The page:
On December 16, 2015, the Fed implemented its first rate hike in years. At the time, the Fed had decided that conditions were ripe for quantitative tightening in the form of an interest-rate rise. Despite global weakness, collapsing emerging markets and massive capital flight from countries like Russia, China etc., the Fed went ahead with a 25-basis point hike in interest rates. The impact of such a decision cannot quite be quantified in isolation given that multiple factors have been affecting global economic performance. The commodity price rout was spearheaded by an oversupply in crude oil (Brent crude and WTI), leading to historically low prices in the $25 – $30 per barrel range. This dragged equities markets lower, as oil is seen as the proverbial fuel that drives economic growth. The correlation between equities and crude oil is unmistakable, and this is especially true with indices like the S&P 500 index.

From the Macro to the Micro

Mini-recoveries and collapses notwithstanding, we are seeing a general increase in positive speculative sentiment with commodities, and to a lesser degree equities. The price of crude oil is now well above its January lows, and is trading in a range between $31 and $36 per barrel. Iron ore has been the biggest recent winner, having gained an incredible 19% on Monday, 7 March on the back of positive statements by Chinese authorities and their commitment to growing the world’s second-largest economy at a rate of 6.5% – 7% for 2016. This type of sentiment naturally acts as an incentive to investors who wasted no time snapping up mining company stocks which all showed incredible gains at the start of the second trading week in March. All the while, crude oil prices are steadily increasing and the Fed is faced with the unenviable task of determining whether interest rates are warranted, viable and the correct decision at this juncture.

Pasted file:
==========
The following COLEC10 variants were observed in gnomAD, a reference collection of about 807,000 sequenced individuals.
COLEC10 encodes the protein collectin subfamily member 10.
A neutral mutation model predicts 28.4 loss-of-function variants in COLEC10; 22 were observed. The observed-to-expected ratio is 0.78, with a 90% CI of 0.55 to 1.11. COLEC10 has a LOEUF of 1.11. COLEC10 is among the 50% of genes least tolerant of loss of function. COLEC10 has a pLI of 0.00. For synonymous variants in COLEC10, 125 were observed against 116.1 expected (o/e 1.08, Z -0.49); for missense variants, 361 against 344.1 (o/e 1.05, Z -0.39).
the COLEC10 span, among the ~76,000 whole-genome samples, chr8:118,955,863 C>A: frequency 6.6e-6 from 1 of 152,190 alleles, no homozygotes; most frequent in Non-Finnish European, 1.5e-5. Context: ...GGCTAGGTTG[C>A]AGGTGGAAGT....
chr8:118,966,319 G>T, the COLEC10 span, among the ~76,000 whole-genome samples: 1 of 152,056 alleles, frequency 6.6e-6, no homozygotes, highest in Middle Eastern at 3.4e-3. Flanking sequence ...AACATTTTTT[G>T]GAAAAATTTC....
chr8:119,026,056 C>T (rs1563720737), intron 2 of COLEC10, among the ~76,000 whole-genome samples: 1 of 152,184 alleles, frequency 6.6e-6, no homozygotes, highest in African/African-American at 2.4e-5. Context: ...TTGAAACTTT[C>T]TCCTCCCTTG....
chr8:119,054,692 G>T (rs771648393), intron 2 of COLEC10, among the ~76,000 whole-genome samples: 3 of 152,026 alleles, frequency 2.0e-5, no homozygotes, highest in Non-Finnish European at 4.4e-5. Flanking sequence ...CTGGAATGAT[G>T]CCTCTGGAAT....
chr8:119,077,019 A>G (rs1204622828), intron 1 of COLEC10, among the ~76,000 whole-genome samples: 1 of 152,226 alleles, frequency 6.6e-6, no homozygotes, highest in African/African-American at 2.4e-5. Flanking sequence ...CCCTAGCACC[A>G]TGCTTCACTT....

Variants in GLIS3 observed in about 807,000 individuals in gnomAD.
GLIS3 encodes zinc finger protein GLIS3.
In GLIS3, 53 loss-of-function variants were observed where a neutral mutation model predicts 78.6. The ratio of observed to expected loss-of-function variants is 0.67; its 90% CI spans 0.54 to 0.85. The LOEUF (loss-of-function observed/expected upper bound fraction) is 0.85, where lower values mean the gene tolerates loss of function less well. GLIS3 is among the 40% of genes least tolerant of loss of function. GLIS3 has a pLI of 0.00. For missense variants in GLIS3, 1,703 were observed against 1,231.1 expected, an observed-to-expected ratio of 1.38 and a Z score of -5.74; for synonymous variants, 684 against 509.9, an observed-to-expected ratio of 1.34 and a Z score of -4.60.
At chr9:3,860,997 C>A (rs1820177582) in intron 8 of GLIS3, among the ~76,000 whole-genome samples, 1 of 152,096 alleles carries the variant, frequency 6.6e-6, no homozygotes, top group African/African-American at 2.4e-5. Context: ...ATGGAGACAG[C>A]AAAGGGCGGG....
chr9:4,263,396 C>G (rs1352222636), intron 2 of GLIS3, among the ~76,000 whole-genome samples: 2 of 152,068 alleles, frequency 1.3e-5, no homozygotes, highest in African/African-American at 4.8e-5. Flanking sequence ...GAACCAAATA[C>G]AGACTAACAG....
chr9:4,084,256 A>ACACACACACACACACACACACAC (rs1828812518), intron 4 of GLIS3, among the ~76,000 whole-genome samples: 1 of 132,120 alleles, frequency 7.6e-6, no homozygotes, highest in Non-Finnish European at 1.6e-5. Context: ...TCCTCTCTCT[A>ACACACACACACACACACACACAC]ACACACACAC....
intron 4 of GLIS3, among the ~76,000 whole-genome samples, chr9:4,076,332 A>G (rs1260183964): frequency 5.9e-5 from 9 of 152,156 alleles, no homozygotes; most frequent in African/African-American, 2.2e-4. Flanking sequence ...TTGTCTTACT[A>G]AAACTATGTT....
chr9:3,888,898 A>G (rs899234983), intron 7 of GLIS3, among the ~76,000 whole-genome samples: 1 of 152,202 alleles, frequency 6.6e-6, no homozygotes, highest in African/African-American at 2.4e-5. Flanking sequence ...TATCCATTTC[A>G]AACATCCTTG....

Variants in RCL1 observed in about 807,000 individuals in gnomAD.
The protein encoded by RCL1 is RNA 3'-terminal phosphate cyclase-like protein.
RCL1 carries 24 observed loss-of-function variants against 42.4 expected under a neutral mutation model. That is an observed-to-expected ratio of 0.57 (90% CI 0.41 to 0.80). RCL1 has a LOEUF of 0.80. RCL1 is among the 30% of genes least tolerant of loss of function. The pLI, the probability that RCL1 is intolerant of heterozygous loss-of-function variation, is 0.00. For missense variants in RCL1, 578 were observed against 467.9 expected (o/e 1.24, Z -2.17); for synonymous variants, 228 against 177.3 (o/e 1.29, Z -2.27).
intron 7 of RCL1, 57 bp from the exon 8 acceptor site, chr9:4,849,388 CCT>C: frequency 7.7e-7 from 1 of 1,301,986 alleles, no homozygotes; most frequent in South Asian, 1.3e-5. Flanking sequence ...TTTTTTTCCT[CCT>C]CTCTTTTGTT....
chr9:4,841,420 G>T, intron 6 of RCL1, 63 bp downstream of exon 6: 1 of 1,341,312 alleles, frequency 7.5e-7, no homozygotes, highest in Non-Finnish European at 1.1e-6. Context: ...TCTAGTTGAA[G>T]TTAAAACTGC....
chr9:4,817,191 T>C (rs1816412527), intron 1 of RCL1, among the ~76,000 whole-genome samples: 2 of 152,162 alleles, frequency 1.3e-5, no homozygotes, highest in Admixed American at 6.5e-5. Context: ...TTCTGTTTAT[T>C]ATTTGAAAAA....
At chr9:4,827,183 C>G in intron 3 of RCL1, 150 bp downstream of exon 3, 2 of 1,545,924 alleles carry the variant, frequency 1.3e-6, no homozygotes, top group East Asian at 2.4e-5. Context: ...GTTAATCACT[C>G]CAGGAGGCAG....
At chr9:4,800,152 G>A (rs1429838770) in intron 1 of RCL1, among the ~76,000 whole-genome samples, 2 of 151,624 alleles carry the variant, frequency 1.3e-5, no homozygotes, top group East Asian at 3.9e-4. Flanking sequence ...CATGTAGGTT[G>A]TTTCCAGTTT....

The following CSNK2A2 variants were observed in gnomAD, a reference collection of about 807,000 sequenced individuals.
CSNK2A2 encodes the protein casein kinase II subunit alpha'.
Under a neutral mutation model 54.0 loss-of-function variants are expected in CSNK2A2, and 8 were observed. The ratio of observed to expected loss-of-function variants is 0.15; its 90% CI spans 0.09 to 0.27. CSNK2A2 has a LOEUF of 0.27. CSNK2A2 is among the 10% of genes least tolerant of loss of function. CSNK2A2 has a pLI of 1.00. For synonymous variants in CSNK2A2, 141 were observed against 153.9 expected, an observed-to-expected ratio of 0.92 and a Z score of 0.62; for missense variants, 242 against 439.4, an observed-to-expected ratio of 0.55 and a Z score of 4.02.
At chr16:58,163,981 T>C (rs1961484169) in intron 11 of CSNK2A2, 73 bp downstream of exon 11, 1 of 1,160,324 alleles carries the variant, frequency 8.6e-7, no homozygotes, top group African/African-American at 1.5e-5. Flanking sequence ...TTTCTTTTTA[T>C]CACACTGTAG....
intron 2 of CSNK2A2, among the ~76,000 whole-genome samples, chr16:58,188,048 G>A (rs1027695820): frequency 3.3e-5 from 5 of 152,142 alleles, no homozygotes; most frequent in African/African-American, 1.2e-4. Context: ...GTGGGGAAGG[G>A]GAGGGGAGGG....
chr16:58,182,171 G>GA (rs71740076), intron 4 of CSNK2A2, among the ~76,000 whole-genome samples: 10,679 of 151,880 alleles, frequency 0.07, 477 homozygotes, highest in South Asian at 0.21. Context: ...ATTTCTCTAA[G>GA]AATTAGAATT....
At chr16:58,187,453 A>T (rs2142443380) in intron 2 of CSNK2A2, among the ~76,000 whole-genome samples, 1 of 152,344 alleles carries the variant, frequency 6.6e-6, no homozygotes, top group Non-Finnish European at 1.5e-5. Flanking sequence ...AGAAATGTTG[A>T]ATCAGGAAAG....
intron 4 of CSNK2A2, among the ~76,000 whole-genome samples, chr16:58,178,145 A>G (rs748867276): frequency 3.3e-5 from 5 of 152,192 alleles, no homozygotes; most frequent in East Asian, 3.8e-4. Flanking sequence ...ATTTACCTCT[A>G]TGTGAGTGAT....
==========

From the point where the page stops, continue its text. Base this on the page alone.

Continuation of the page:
How to Protect Yourself with Rising Interest Rates

In February 2016, 41% of Americans polled by Bankrate expressed concern about rising interest rates in the country. The impact of rising interest rates is well known to those who have mortgages, long-term loans, car financing, credit card debts and other financial obligations. In the same poll, 18% of Americans are concerned about how increasing interest rates will impact upon their personal financial situation. 16% of those polled are concerned about how rising interest rates will impact upon stock prices and their financial portfolios. In all instances, it should be borne in mind that the impact of something as significant as interest rates will not be seen overnight. It takes time for the interest rates to work their way through various components of the economy and filter down to individuals in their households. A good way to hedge against interest rate hikes at this juncture is to refinance from variable interest rates to fixed interest rate repayments.

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